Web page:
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Imagine Owning Bodycote (LON:BOY) And Wondering If The 38% Share Price Slide Is Justified

Simply Wall St

The simplest way to benefit from a rising market is to buy an index fund. Active investors aim to buy stocks that vastly outperform the market - but in the process, they risk under-performance. Unfortunately the Bodycote plc (LON:BOY) share price slid 38% over twelve months. That falls noticeably short of the market return of around -19%. Even if you look out three years, the returns are still disappointing, with the share price down36% in that time. The share price has dropped 44% in three months. Of course, this share price action may well have been influenced by the 26% decline in the broader market, throughout the period.

See our latest analysis for Bodycote

To paraphrase Benjamin Graham: Over the short term the market is a voting machine, but over the long term it's a weighing machine. One imperfect but simple way to consider how the market perception of a company has shifted is to compare the change in the earnings per share (EPS) with the share price movement.

Unfortunately Bodycote reported an EPS drop of 8.9% for the last year. The share price decline of 38% is actually more than the EPS drop. Unsurprisingly, given the lack of EPS growth, the market seems to be more cautious about the stock. The P/E ratio of 10.73 also points to the negative market sentiment.

You can see how EPS has changed over time in the image below (click on the chart to see the exact values).

LSE:BOY Past and Future Earnings, March 14th 2020

This free interactive report on Bodycote's earnings, revenue and cash flow is a great place to start, if you want to investigate the stock further.

What About Dividends?

As well as measuring the share price return, investors should also consider the total shareholder return (TSR). Whereas the share price return only reflects the change in the share price, the TSR includes the value of dividends (assuming they were reinvested) and the benefit of any discounted capital raising or spin-off. Arguably, the TSR gives a more comprehensive picture of the return generated by a stock. We note that for Bodycote the TSR over the last year was -35%, which is better than the share price return mentioned above. This is largely a result of its dividend payments!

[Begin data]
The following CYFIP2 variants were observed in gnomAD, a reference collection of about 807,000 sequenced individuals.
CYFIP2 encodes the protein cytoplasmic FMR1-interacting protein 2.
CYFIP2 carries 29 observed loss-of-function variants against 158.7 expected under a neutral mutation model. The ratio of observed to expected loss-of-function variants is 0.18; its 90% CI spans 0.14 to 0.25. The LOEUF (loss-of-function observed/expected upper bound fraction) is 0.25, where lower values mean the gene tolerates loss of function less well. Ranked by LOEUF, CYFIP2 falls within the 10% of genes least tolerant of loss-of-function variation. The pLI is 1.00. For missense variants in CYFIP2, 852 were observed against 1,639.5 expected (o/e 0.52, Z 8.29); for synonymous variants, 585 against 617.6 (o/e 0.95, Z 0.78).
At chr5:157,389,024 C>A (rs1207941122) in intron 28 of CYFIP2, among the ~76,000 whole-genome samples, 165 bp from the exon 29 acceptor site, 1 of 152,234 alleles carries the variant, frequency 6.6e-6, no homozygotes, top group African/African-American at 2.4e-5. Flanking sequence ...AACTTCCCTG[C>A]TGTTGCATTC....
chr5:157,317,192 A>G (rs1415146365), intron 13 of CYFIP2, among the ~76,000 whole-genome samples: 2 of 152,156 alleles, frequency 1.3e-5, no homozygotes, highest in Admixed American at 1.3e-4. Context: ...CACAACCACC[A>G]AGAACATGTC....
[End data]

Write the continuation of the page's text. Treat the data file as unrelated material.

A Different Perspective

While the broader market lost about 19% in the twelve months, Bodycote shareholders did even worse, losing 35% (even including dividends) . However, it could simply be that the share price has been impacted by broader market jitters. It might be worth keeping an eye on the fundamentals, in case there's a good opportunity. Regrettably, last year's performance caps off a bad run, with the shareholders facing a total loss of 3.1% per year over five years. We realise that Baron Rothschild has said investors should "buy when there is blood on the streets", but we caution that investors should first be sure they are buying a high quality business. I find it very interesting to look at share price over the long term as a proxy for business performance. But to truly gain insight, we need to consider other information, too. For instance, we've identified 2 warning signs for Bodycote that you should be aware of.

For those who like to find winning investments this free list of growing companies with recent insider purchasing, could be just the ticket.

Please note, the market returns quoted in this article reflect the market weighted average returns of stocks that currently trade on GB exchanges.

If you spot an error that warrants correction, please contact the editor at editorial-team@simplywallst.com. This article by Simply Wall St is general in nature. It does not constitute a recommendation to buy or sell any stock, and does not take account of your objectives, or your financial situation. Simply Wall St has no position in the stocks mentioned.

We aim to bring you long-term focused research analysis driven by fundamental data. Note that our analysis may not factor in the latest price-sensitive company announcements or qualitative material. Thank you for reading.